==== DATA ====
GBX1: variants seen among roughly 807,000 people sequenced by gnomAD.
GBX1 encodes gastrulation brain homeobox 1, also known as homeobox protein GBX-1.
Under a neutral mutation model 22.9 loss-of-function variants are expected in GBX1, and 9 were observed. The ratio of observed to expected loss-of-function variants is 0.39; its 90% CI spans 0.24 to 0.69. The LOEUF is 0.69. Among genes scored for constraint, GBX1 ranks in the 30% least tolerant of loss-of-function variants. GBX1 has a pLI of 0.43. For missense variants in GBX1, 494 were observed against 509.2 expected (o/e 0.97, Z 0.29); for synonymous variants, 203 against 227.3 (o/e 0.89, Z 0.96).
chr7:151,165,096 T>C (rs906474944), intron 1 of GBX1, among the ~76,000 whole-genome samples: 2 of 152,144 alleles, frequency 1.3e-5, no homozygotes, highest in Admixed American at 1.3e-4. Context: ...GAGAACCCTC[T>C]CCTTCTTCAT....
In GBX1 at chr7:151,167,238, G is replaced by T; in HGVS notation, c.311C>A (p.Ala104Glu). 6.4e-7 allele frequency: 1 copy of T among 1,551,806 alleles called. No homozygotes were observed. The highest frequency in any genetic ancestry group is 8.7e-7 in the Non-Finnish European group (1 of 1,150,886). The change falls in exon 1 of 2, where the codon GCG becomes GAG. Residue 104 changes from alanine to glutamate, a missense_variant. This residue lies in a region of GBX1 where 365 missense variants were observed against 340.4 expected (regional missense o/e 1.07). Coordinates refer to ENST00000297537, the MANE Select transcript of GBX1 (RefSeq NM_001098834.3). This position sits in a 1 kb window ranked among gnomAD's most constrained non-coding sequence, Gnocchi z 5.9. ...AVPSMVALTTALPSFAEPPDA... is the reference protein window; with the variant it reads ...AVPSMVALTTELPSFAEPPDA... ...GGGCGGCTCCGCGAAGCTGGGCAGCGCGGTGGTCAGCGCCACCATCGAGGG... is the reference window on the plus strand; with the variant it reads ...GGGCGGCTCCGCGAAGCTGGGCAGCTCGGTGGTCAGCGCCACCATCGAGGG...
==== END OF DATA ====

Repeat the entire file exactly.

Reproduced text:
GBX1: variants seen among roughly 807,000 people sequenced by gnomAD.
GBX1 encodes gastrulation brain homeobox 1, also known as homeobox protein GBX-1.
Under a neutral mutation model 22.9 loss-of-function variants are expected in GBX1, and 9 were observed. The ratio of observed to expected loss-of-function variants is 0.39; its 90% CI spans 0.24 to 0.69. The LOEUF is 0.69. Among genes scored for constraint, GBX1 ranks in the 30% least tolerant of loss-of-function variants. GBX1 has a pLI of 0.43. For missense variants in GBX1, 494 were observed against 509.2 expected (o/e 0.97, Z 0.29); for synonymous variants, 203 against 227.3 (o/e 0.89, Z 0.96).
chr7:151,165,096 T>C (rs906474944), intron 1 of GBX1, among the ~76,000 whole-genome samples: 2 of 152,144 alleles, frequency 1.3e-5, no homozygotes, highest in Admixed American at 1.3e-4. Context: ...GAGAACCCTC[T>C]CCTTCTTCAT....
In GBX1 at chr7:151,167,238, G is replaced by T; in HGVS notation, c.311C>A (p.Ala104Glu). 6.4e-7 allele frequency: 1 copy of T among 1,551,806 alleles called. No homozygotes were observed. The highest frequency in any genetic ancestry group is 8.7e-7 in the Non-Finnish European group (1 of 1,150,886). The change falls in exon 1 of 2, where the codon GCG becomes GAG. Residue 104 changes from alanine to glutamate, a missense_variant. This residue lies in a region of GBX1 where 365 missense variants were observed against 340.4 expected (regional missense o/e 1.07). Coordinates refer to ENST00000297537, the MANE Select transcript of GBX1 (RefSeq NM_001098834.3). This position sits in a 1 kb window ranked among gnomAD's most constrained non-coding sequence, Gnocchi z 5.9. ...AVPSMVALTTALPSFAEPPDA... is the reference protein window; with the variant it reads ...AVPSMVALTTELPSFAEPPDA... ...GGGCGGCTCCGCGAAGCTGGGCAGCGCGGTGGTCAGCGCCACCATCGAGGG... is the reference window on the plus strand; with the variant it reads ...GGGCGGCTCCGCGAAGCTGGGCAGCTCGGTGGTCAGCGCCACCATCGAGGG...